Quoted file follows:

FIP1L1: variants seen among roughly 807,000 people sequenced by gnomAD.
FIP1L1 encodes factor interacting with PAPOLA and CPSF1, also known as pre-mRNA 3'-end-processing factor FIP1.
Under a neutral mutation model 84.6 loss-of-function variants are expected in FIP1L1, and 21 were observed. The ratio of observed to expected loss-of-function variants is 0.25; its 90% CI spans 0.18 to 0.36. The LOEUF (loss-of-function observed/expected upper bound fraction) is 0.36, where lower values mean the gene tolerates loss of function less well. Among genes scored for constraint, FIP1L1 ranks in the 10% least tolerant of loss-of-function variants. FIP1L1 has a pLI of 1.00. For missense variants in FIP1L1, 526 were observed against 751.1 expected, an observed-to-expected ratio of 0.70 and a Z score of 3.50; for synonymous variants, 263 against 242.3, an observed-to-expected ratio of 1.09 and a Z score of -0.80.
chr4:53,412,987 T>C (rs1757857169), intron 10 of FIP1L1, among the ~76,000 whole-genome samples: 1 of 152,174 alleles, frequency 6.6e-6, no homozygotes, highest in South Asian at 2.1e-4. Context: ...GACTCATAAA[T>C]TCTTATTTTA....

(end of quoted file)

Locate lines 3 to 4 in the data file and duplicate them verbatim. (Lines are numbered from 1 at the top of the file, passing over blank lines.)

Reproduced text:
Under a neutral mutation model 84.6 loss-of-function variants are expected in FIP1L1, and 21 were observed. The ratio of observed to expected loss-of-function variants is 0.25; its 90% CI spans 0.18 to 0.36. The LOEUF (loss-of-function observed/expected upper bound fraction) is 0.36, where lower values mean the gene tolerates loss of function less well. Among genes scored for constraint, FIP1L1 ranks in the 10% least tolerant of loss-of-function variants. FIP1L1 has a pLI of 1.00. For missense variants in FIP1L1, 526 were observed against 751.1 expected, an observed-to-expected ratio of 0.70 and a Z score of 3.50; for synonymous variants, 263 against 242.3, an observed-to-expected ratio of 1.09 and a Z score of -0.80.
chr4:53,412,987 T>C (rs1757857169), intron 10 of FIP1L1, among the ~76,000 whole-genome samples: 1 of 152,174 alleles, frequency 6.6e-6, no homozygotes, highest in South Asian at 2.1e-4. Context: ...GACTCATAAA[T>C]TCTTATTTTA....